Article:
Luton’s role as the global centre of hat manufacture is largely forgotten today, but its little known industrial pedigree has shaped almost every aspect of the town as we know it today. Once the beating heart of the hat making industry in England, there were over 500 hat manufacturers in Luton during the 1800s, and by 1930 the town was producing as many as 70 million hats a year, many of which were made of straw.
The success of Luton as the main centre for ladies’ hat production in the UK for over 200 years was due, in part, to the earlier regional industry of straw plaiting, an occupation that was well established by the late 17th century. This major cottage industry, especially in the counties surrounding Luton (Buckinghamshire, Bedfordshire, Berkshire and Hertfordshire), was the method of braiding straw in textiles which could then be stitched and shaped to produce hats. It was bolstered in these areas during the Napoleonic Wars of 1803-15, when supplies of ‘Leghorn’ straw plait from Italy were cut off and hefty import duties were imposed, but also because it was practiced by both sexes, all ages, and had the advantage of being infinitely more portable; unlike lace braiding you could plait straw anywhere, sitting or standing.
The advent of the straw-splitter — a simple device made first from bone and subsequently metal, which was inserted into the ends of straw in order to split it into a number of equally sized splints, resulting in a finer and far superior plait — ensured that the straw-plaiting industry developed into a large scale industrial venture by the 19th century. This, the silica-rich soils, advantageous climate, and cheap land which resulted in huge quantities of wheat and good-quality, strong and flexible straw ideal for plaiting, meant that the English plaiting industry boomed in the area surrounding Luton.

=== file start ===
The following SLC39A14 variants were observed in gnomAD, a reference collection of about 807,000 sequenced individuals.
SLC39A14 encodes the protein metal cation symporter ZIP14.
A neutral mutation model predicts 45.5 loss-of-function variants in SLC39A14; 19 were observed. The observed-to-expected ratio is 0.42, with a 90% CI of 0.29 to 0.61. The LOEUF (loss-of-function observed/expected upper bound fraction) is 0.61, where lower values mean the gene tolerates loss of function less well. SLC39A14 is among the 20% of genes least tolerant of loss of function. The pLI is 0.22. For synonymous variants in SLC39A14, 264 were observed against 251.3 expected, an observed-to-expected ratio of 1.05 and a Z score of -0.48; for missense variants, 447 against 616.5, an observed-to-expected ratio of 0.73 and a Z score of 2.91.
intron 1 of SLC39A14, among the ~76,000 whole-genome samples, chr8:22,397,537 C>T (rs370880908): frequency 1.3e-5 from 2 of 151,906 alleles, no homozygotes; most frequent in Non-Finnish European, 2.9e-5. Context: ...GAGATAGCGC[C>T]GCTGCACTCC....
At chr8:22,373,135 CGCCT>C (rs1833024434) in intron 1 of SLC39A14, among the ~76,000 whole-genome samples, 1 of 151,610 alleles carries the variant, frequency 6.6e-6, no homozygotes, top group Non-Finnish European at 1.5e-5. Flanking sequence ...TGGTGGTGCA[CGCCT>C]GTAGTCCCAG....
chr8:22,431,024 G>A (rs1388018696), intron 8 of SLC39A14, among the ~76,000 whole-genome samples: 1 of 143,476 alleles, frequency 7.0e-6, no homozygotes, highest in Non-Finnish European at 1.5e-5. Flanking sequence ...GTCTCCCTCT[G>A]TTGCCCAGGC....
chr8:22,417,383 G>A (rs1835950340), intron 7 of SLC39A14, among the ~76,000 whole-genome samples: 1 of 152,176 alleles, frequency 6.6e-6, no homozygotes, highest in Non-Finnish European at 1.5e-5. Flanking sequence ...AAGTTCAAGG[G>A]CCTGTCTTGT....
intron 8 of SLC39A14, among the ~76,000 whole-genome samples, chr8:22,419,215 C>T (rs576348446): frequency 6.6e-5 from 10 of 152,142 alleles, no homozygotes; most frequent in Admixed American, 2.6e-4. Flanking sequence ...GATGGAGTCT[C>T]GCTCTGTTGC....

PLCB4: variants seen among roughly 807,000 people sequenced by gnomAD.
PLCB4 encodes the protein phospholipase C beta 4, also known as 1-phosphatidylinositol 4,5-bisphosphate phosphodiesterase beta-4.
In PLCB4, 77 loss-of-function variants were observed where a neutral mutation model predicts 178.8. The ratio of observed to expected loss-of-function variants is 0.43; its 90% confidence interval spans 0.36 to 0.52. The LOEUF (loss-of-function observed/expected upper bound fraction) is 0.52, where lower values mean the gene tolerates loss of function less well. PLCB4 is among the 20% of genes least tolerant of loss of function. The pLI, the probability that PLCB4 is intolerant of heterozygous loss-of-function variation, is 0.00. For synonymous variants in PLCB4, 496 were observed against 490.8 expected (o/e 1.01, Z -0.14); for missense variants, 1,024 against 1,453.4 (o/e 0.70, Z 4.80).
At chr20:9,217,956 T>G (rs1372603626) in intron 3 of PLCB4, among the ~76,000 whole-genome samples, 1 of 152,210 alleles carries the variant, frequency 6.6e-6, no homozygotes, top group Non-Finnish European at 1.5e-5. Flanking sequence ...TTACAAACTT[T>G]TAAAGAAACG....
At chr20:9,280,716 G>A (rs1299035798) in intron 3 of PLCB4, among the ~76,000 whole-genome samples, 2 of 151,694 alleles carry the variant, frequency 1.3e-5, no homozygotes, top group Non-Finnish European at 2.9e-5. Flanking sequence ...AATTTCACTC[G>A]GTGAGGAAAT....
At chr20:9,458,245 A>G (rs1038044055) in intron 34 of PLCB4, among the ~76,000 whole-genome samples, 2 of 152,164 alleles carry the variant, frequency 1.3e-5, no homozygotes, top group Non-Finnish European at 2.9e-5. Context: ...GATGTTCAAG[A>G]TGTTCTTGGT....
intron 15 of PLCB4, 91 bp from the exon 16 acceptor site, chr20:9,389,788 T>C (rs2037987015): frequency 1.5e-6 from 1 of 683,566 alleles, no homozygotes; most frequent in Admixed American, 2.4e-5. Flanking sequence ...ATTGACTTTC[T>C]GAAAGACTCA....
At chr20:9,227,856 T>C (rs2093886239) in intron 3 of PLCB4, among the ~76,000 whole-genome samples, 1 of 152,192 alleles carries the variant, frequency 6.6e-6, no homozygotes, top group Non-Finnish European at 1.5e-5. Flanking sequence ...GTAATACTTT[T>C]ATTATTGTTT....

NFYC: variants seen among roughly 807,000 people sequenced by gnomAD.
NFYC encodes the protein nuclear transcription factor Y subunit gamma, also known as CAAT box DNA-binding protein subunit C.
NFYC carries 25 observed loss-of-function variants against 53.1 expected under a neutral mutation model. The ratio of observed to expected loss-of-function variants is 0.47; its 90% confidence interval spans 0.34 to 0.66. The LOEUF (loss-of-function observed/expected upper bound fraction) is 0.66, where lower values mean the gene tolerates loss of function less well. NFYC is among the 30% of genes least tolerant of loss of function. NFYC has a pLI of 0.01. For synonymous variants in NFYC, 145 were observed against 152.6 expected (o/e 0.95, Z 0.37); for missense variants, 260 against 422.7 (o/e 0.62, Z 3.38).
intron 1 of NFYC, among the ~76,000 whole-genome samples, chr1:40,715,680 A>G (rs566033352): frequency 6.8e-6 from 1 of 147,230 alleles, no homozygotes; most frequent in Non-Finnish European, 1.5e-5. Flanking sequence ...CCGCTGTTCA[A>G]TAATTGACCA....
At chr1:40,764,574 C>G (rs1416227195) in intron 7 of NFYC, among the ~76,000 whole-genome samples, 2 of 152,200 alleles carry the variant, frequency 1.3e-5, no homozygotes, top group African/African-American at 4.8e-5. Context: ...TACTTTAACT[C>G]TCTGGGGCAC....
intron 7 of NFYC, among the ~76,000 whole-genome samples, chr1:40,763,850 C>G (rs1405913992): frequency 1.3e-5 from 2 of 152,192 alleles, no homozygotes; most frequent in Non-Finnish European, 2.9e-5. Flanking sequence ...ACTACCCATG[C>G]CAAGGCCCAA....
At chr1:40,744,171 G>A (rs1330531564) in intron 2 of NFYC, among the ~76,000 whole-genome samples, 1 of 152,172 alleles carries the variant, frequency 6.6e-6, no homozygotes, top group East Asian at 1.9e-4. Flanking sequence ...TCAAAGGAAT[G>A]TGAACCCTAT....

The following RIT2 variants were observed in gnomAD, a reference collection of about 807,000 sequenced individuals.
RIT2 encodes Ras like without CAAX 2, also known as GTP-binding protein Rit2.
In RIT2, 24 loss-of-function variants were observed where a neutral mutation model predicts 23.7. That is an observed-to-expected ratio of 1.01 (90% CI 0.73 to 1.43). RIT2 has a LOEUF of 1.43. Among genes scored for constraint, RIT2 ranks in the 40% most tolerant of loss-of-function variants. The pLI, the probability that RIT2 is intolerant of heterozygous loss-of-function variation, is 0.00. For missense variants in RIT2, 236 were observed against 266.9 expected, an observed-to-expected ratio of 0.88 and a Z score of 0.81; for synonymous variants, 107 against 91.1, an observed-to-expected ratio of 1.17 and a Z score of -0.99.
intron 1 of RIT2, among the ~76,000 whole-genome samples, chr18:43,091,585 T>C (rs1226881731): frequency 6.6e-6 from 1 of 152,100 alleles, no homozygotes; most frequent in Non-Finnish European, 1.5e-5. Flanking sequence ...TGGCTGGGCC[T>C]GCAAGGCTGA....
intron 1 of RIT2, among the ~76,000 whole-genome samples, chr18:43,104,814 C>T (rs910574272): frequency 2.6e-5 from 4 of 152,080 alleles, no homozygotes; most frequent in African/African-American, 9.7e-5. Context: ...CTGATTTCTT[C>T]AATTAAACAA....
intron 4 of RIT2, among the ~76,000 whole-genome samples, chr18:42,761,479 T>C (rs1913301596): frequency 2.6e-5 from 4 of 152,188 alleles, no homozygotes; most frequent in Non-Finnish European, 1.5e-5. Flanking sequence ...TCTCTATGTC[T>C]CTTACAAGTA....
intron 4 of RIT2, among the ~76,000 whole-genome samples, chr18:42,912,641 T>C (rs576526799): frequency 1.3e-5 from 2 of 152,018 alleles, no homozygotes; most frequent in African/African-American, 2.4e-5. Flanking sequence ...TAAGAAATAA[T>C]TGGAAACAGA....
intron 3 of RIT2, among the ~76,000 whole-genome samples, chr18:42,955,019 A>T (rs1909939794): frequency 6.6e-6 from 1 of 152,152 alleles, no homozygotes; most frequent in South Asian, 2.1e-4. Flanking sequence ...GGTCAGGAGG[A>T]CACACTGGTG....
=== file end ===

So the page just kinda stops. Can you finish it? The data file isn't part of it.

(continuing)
Image: Copyright Veronica Main
The process by which straws were turned into plaits is simultaneously straightforward and ingenious. First of all the knots and leaves of the raw straw were removed before being trimmed to around 25cm in length; the straws would then be bleached, before being graded roughly according to size and being tied into bundles ready for sale. Straw plaiters worked with a bundle of straws or splints under the left arm, each straw being moistened between the lips before being worked into the plait — this gave many plaiters a characteristic permanent scar at the corner of the mouth. Plaits could vary greatly in design, quality, width, and the number of straws of or splints used to create them. An advantage of using the straw-splitters was that the outer and inner side of the straw differ in colour and texture, allowing for a greater variety of patterns. Finally the finished plait would be passed through a plait-mill, a roller with grooves to prevent the decorative head of the plait from being crushed.
Image: Illustrated by Alice Pattullo
In order to turn straw plait into a hat, the plait must be sewn in a continuous coil, starting at the crown and ending at the brim. At first done by hand, before the invention of a concealed-stitch sewing machine by Luton-based engineer Edmund Wiseman - sewers spent several years as apprentices perfecting tiny stitches that would be almost invisible in the finished item, and learning how to make a hat of the required size and shape. Most of this hand sewing was done in the home or in small establishments before being sold onto larger firms.
In Luton today there are only around 15 companies still linked to the manufacture of hats: designers, material suppliers, bleaching & dyeing and block making. Although not nearly as prolific as in Luton’s hat-making ‘hay’ day, everything required to produce a hat can still be done in Luton.
Find out more about Luton's straw industry in our article, Textile Towns, in the latest issue of Selvedge: Issue 101 Grow